A New Nano Based Real-Time Aflatoxin Detector Phase II

Period of Performance: 01/01/2009 - 12/31/2009


Phase 2 SBIR

Recipient Firm

Sensor Development Corporation
22500 LAKE RD STE 801 Array
Rocky River, OH 44116
Principal Investigator
Firm POC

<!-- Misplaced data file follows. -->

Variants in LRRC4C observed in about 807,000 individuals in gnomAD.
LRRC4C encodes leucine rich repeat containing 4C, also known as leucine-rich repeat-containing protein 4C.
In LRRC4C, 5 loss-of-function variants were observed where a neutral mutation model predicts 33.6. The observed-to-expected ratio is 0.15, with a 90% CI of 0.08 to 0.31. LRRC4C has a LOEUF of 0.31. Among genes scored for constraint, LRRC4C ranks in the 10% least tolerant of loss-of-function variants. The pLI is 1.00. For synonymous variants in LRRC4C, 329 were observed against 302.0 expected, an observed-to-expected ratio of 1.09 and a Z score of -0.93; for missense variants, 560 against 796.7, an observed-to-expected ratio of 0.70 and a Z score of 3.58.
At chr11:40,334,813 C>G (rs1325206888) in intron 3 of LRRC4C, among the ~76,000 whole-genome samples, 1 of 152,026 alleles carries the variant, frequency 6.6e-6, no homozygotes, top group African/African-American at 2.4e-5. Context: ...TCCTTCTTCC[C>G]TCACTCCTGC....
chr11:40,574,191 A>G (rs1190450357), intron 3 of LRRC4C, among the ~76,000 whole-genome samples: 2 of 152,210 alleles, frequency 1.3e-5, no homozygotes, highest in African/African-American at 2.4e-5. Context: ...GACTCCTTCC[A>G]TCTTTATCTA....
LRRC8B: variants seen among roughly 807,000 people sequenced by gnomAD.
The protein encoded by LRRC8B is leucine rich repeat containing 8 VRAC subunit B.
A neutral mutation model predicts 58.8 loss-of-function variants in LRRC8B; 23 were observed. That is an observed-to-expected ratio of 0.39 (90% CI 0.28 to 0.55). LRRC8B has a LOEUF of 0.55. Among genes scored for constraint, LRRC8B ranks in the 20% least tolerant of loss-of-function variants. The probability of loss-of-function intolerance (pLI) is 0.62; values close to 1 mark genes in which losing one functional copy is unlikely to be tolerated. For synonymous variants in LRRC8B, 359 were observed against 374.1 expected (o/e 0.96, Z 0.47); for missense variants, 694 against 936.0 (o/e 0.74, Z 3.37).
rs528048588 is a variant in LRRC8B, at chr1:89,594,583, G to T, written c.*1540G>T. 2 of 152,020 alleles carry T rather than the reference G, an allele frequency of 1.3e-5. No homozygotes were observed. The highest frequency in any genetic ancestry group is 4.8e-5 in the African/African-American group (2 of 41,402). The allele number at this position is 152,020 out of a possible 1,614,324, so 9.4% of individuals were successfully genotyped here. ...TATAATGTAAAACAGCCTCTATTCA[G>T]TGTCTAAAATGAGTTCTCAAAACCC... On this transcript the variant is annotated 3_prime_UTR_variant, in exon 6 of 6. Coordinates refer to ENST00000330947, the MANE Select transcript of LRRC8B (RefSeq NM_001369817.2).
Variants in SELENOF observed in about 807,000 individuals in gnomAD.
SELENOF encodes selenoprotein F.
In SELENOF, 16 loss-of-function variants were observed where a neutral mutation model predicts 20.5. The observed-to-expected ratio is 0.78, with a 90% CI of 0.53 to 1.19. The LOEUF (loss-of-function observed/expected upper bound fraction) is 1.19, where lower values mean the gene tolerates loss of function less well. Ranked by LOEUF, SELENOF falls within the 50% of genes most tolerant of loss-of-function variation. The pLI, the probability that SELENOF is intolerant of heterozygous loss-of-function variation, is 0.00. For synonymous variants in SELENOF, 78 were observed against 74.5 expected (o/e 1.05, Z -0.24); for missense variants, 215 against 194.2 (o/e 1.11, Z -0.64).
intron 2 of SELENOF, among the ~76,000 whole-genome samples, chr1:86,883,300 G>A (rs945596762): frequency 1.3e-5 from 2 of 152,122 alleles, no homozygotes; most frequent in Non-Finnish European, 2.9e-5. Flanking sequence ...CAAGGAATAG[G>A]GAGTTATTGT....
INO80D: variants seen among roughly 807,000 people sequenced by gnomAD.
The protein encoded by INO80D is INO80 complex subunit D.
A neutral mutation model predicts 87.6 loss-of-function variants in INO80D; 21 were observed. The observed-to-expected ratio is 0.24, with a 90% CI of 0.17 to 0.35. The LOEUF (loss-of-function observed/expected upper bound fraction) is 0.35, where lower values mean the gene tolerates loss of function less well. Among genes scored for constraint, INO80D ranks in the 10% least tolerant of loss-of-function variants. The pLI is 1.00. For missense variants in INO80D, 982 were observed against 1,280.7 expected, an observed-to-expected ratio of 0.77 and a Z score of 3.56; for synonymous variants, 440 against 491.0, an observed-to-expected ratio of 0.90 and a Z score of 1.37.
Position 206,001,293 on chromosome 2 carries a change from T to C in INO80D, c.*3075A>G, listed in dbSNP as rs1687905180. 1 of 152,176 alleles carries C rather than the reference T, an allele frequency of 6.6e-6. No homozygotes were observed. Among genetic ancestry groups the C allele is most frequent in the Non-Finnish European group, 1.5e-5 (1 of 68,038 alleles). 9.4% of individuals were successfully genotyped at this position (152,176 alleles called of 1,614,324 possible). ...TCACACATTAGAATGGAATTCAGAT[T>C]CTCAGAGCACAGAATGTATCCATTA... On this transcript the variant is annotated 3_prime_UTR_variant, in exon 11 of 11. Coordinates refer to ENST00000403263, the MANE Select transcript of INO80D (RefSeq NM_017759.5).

Aflatoxin was discovered in groundnut meal which killed over 10,000 turkeys in England. Poultry are extremely sensitive to aflatoxin B1 with turkeys being more sensitive than chickens. Later research discovered that poultry are the most susceptible food animal species to the toxic effects of aflatoxin. Based on epidemiological data and knowledge of liver biochemistry it is suggested that humans fall somewhere in the middle of this lethality range. Lethality in humans has also been documented. In 1974, nearly 10 per cent of 1,000 patients died from suspected acute aflatoxin poisoning. Aflatoxicosis outbreaks (2004) in eastern Kenya resulted in 317 cases and 125 deaths. Specific medical implications of aflatoxin are related to their carcinogenic properties. Aflatoxin is listed as a Group I carcinogen by the International Agency for Research on Cancer. It is has been demonstrated in animal species to be the most potent liver carcinogen known, and is implicated as a cause of human primary heptatocellular carcinoma. This form of cancer is one of the most common forms of cancer in China, Saharan Africa, and Southeast Asia and causes at least 250,000 deaths annually worldwide, especially in developing countries. The human body also metabolizes aflatoxin to several compounds including aflatoxin M1 which is secreted in both mother?s milk and urine. Studies in Africa confirm infant exposure to aflatoxin via mother?s milk as well as the ability of aflatoxin in blood to cross the human placenta. Approximately 4.5 billion people around the world are exposed to virtually unregulated amounts of the toxin on a daily basis. The substance is so toxic that it is one of 19 contaminants along with mercury and DDT for which the US Food and Drug Administration imposes strict tolerance levels with only trace amounts allowed. In addition to the health impact of detecting the mycotoxins early, there is a significant economic impact. The Midwest drought in 2005 triggered an outbreak of poisonous aflatoxin at thousands of corn farms, spurring regulators and food companies to greatly expand testing of grain and milk. During the last US drought, many dairies were forced to dump aflatoxin-contaminated milk from cows fed corn contaminated with this toxin. The concern for aflatoxin-contaminated corn led company officials at the Quaker Oats breakfast cereal plant in Cedar Rapids, Iowa, to assay every truckload of corn entering the plant for aflatoxin. The value of this solution is evident by the fact that two major grain storage companies are committed to serve as beta test sites for the product.